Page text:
12. It applies to both the method and the class levels. When applying at the class level, it specifies the maximum number of unit tests generated for each public method under the class, when applying at the method level, it specifies the maximum number of unit tests generated for the method. For example, the following annotation

    @TestEra(limit=100)

    specifies the maximum number of unit tests generated for the specified method, or each method under the specified class. Note that specifications at the method level will override specifications at the class level.

Illustrative Example

Configuring project under test: After starting the TestEra plug-in, the JUnit tests generated by TestEra need runtime access to the TestEra library. Therefore, for each project under test, the user should add the testera-lib_1.0.0.jar which includes the library as an external library through Java Build Path configuration.

Figure 1. (a) the initial source code under test, (b) the file hierarchy generated by the Alloy model generation step, (c) the file hierarchy generated by the Alloy input generation step, (d) the test hierarchy generated by the JUnit testgeneration step.

Figure 2, the pop-up menu for TestEra.

Now users can play with TestEra: Here we use a sample Java project named “sample-project”, which contains a set of data structures, for demonstration. Shown in Figure 1(a), users can right click the method under test, say linkedList.addNode(int x) here. Then the pop-up menu will have an item named TestEra (shown in Figure 2). The three sub-items of TestEra correspond to the Alloy model generation, the Alloy input generation and the JUnit test generation, respectively:

Figure 3, Alloy model generated.

  1. Alloy model generation: When the user clicks the “Generate Alloy Models” item, TestEra automatically searches all the classes referred by the method under test, and translates each compilation unit into an Alloy module under the newly created testEra-Alloy folder. The generated Alloy modules have similar file hierarchy with the source compilation units. For example, shown in Figure 1(b), the dataStructure.list.LinkedList.java compilation unit is translated into Alloy module dataStructure/list/LinkedList.als under the testEra-Alloy folder. Each generated Alloy module contains the signature definition translated from the corresponding class, as well as the class invariant extracted from the corresponding class annotation(shown in Figure 3).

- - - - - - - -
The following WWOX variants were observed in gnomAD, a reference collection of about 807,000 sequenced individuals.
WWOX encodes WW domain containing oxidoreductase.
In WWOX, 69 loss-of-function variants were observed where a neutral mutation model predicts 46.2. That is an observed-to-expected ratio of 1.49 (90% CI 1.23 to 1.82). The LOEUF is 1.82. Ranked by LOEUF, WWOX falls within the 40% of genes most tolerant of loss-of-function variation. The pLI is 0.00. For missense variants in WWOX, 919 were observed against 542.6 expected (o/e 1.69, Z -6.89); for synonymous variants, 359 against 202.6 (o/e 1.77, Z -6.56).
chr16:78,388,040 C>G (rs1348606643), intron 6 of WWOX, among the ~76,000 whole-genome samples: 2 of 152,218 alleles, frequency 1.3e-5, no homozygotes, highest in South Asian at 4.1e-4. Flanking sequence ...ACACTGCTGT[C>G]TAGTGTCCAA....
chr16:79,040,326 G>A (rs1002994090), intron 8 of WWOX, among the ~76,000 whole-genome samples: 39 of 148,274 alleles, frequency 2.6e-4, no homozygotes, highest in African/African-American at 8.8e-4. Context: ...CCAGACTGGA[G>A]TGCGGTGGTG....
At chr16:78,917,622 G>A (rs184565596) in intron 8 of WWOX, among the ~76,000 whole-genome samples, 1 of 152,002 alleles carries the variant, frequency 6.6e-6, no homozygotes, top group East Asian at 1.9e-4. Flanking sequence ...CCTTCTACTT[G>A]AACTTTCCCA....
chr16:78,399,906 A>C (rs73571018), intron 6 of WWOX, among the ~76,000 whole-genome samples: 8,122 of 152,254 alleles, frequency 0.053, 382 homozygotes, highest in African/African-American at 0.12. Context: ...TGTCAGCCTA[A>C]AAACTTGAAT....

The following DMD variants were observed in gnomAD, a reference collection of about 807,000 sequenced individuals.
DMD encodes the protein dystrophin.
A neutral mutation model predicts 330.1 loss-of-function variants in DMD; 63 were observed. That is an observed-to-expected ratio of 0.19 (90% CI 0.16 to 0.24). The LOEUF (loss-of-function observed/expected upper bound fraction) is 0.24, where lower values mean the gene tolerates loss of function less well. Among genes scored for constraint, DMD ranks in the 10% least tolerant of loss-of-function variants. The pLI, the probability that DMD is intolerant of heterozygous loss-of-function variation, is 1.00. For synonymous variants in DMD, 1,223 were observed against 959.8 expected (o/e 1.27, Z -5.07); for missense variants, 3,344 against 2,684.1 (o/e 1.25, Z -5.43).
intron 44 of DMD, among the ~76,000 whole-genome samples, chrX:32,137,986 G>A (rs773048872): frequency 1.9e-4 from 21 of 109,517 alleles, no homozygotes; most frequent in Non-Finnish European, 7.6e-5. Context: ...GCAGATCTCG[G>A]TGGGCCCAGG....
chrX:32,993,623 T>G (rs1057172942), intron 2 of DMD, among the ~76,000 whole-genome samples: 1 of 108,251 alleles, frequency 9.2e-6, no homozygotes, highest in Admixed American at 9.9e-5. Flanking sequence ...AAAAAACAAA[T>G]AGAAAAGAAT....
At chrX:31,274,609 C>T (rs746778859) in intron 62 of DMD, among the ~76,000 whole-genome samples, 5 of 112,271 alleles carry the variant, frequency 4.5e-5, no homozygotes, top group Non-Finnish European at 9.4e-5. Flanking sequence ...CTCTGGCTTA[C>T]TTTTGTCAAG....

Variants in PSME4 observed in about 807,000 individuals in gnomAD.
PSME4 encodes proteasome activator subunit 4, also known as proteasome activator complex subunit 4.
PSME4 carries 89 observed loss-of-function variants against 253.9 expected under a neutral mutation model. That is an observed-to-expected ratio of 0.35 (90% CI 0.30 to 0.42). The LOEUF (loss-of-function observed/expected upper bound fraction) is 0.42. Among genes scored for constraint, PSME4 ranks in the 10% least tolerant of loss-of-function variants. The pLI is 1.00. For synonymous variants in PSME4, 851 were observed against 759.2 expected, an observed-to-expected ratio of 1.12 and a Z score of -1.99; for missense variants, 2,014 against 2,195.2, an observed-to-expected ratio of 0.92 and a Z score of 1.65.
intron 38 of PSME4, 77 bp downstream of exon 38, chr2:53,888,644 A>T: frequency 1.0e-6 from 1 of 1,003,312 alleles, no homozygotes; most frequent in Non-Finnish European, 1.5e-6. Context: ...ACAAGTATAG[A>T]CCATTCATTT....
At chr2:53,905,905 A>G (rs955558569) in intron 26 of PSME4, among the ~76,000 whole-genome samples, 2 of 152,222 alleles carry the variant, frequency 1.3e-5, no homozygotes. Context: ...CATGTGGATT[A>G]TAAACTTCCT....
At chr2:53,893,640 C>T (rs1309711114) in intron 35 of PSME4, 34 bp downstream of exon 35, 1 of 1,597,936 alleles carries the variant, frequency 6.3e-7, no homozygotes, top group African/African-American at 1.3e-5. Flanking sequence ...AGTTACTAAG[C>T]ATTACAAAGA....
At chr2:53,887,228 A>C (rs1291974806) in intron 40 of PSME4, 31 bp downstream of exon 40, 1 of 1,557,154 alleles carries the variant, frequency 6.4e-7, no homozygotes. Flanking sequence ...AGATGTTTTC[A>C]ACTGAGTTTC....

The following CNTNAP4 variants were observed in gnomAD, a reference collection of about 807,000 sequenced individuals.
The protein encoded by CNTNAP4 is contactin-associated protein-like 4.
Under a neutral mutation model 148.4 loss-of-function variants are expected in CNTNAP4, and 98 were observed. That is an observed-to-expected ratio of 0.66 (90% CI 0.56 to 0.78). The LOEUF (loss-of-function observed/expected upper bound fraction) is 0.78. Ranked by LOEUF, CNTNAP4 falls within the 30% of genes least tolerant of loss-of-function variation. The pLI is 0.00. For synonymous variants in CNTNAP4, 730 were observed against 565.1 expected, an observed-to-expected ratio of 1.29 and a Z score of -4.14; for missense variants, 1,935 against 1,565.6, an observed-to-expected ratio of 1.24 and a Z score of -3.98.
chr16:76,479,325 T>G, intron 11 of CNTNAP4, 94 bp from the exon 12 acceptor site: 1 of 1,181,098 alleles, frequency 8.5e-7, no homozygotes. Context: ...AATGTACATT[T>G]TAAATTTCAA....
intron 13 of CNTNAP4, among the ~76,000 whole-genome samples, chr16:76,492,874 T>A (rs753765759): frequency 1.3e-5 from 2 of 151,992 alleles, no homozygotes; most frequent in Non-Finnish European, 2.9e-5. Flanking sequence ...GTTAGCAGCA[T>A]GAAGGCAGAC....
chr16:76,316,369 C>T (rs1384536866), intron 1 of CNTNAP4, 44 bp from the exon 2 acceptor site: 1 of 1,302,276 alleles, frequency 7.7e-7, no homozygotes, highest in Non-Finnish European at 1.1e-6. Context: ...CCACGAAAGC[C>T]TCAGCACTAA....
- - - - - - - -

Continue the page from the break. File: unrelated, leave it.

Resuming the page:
2. Figure 4, Alloy execution file generated.
  3. Alloy input generation and visualization: When the user clicks the “Visualize Alloy Inputs” item, TestEra first automatically generates an Alloy execution file for the method under test and the corresponding Alloy inputs, then invokes the Alloy visualization API to visualize the generated Alloy inputs. The generated Alloy execution file for the method under test is stored in the same directory with the Alloy model generated for its enclosing class. Figure 1(c) shows the file hierarchy of the Alloy execution file generated for method LinkedList.addNode(int x). Figure 4 shows the contents of the generated Alloy execution file, which contains both the method pre-condition specification and the run command for generating instances. Figure 5 shows the visualized Alloy input instances displayed by TestEra through invoking the Alloy’s visualization API.
  4. Figure 5, Alloy instance generated through TestEra UI.
    Figure 6, Example unit test generated.
  5. JUnit test generation: When the user clicks the “Generate JUnit Test” item, TestEra automatically generates JUnit tests for the method under test. Shown in Figure 6, the generated JUnit test contains four parts: initialization statements, pre-state abstraction, method invocation, and post-state checking. The initialization statements are concretized from Alloy inputs, the pre-state and post-state abstraction transform JUnit test inputs into abstract Alloy representations to check the correctness of the method under test using Alloy’s back-end SAT solvers. In addition, when a test passes, TESTERA provides a visualization tool that permits the user to monitor the changes between pre and post states of the input objects.

Downloads

System Requirements

TestEra library

The library is needed to run the Eclipse plugin.

TestEra Eclipse Plugin

Plugin

Examples

Please find linked list and binary search tree examples in the sample project. We plan to release more examples in future.